InsideOUT editor Elise Hugus

- InsideOUT editor Elise Hugus

After receiving a strongly worded letter from the American Society of Composers, Authors, and Performers (ASCAP), the owner of a small Waquoit cafe gave the band that performs there for free once a month a difficult choice: meet requested annual $332 fee or he’d have to cancel their gig.

"They could sue even if [the band] was playing its own songs. They could sue me for people singing 'Happy Birthday' at the restaurant," said the cafe owner, who did not want to be identified for fear that the two other performing rights organizations in the United States—Broadcast Music Incorporated (BMI) and the Society of European Authors and Composers (SESAC)—would also send him a contract.

While the Waquoit cafe owner agreed that artists should get paid for their work, he questioned the wisdom of targeting venues that offer music infrequently—and, in his case, donate the proceeds of the event to a local food pantry.

"Unfortunately, what they're doing is stopping a lot of music in small venues like mine. The end result: music is being sliced out, and it's not a good thing for our culture," said the cafe owner, who was able to continue the music series thanks to customer's generousity when the band passed the hat.

Making cents?

Although regular live music can be hard to come by on the Upper Cape, Dave Fenstermaker, owner of Grumpy's Pub in Falmouth, knows it brings in customers to the Locust Street bar. So for the past 13 years, Grumpy's has paid ASCAP at least $1,000 per year, just in case a band plays a cover song.

"Every cent is a hardship, but it's not the end of the world. But that $1,000 could go to paving my parking lot or quarterly payroll taxes," Fenstermaker said.

He recently received a new licensing agreement from ASCAP, requesting $2,230 for the year. Included in the rate schedule was a fee for having a jukebox, which Fenstermaker said is covered by another company. The per-person charge for the nightclub, which has a capacity of 270 people, is $8.34.

"It's musical extortion," he said, noting that the bar rarely brings in over 200 people. "It makes absolutely no sense to me."

In order to keep licensing costs down, Grumpy's management only brings in bands three nights a week. And because ASCAP also charges for televisions and radios, the bar only has one small monitor, usually tuned to The Weather Channel.

"They won't tell us which parties they represent. It would be interesting to know how much money the artists actually get," Fenstermaker said.

Play music or deliver pizza?

At a meeting of local musicians brought together by Cat Wilson, host of The Cheap Seats, last fall, at least one musician said she benefits from BMI’s quarterly checks.

The $2,000 Elizabeth Picciallo (who goes by her stage name Lizzie Pitch) receives per year makes the difference between being a starving artist or just another wasted talent working in a coffeeshop, she said.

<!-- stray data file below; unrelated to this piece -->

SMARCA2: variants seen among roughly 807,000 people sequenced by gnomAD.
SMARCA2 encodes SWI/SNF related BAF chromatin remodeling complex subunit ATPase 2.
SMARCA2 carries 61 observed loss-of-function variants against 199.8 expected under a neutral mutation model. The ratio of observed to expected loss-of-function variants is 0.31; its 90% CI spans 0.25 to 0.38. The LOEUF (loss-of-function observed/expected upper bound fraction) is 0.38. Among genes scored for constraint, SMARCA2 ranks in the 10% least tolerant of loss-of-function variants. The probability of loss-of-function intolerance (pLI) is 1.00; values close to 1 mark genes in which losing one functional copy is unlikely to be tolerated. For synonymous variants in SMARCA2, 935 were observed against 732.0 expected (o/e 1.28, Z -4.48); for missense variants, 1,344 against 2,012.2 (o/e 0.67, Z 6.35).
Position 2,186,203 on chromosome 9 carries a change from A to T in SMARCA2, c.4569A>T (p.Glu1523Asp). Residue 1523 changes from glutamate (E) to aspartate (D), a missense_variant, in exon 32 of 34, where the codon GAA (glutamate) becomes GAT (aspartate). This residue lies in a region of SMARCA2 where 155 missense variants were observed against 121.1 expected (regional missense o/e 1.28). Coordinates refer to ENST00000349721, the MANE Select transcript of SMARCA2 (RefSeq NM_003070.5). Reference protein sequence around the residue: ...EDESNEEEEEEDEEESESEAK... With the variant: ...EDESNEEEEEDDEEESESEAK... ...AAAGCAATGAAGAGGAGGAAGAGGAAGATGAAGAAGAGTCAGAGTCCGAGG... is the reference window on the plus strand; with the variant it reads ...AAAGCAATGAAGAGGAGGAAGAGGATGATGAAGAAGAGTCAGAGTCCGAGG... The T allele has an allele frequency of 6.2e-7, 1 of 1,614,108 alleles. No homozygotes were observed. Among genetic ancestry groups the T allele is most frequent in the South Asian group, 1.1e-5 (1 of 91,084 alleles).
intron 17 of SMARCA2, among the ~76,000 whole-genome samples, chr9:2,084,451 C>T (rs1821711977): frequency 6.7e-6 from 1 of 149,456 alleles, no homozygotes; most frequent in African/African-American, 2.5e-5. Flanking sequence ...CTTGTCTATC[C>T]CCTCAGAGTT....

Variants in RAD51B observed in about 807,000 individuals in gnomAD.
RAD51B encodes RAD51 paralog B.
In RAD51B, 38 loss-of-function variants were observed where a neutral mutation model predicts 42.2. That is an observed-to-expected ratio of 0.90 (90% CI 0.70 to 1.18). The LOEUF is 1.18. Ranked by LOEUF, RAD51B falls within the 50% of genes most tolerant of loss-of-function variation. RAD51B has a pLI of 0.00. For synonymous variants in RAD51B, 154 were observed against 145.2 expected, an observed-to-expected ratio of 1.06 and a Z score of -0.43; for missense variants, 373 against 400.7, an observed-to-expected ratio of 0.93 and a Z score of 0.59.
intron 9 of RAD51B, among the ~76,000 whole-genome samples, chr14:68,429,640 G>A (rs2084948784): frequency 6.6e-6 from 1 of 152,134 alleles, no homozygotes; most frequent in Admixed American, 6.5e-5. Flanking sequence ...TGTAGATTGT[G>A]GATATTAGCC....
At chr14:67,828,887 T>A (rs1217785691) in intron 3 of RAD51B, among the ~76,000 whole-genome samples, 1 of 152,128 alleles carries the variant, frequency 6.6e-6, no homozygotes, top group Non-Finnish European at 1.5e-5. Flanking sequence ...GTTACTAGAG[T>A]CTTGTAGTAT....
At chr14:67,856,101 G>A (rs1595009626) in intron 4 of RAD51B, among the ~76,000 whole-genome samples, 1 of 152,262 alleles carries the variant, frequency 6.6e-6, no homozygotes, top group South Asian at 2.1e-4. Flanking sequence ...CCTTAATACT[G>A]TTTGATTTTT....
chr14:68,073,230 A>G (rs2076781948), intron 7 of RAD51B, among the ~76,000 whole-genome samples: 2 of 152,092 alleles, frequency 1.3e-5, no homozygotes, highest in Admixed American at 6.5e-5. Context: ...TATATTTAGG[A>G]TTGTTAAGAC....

“BMI is great for independent artists. I don’t want to work another job, I need the time to write and concentrate on music,” said Pitch.

But as Wilson pointed out that evening, most musicians don’t make enough on royalties to compete with the tips they’d make delivering pizza.

While copyright organizations might have a legitimate case in collecting fees for the use of a jukebox or radio, do you the same standards should apply to live music? If you're a musician or performing artist, have you benefited from royalties? If you're a venue owner, what has your experience with ASCAP, BMI, or SOCAN been like?


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  • tommy-bones-baker

    As a card carrying member of ASCAP, a pizza delivery driver, and musician I find I have trouble with what these groups are doing. I was at the musicians meeting and as I said, I DO make more money delivering pizza than playing in a typical bar cover band on Cape Cod and the South Shore. I think that these groups from what I understand are out of touch with the reality of the size of the venues. just because a venue (restaraunt with liquor and entertainment license) has a total capacity of 250 people does not mean that they will have that many people in their establishment. Usually, the area that is used for the entertainment is less than half of the buildings total capacity. These groups base their fees on total capacity of the building. As much as I want there to be someone looking out for my interests as an artist and IF my band covers someone else's material I believe the original artist should get proper compensation I think the method they use is not fair to the establshment, and thus makes it harder for the local entertainers to work as well. As much as I love writing and performing original music the market for it in this area is a flat line at best. BUT if what the music industry wants is to put musicians an dj's out of work, I guess all the venues around here should just buy juke boxes and or close at 10 pm. Pretty sad.
  • ehugus

    The methods of ASCAP etc show just how desperate the situation is becoming in the music industry, what with downloading cutting into profits. Maybe the recording industry should actually pay musicians a fair wage for producing albums, rather than squeeze live music venues? I'd be more willing to buy CDs if I knew the money went to artists-- which is why I buy them at shows more often than at stores.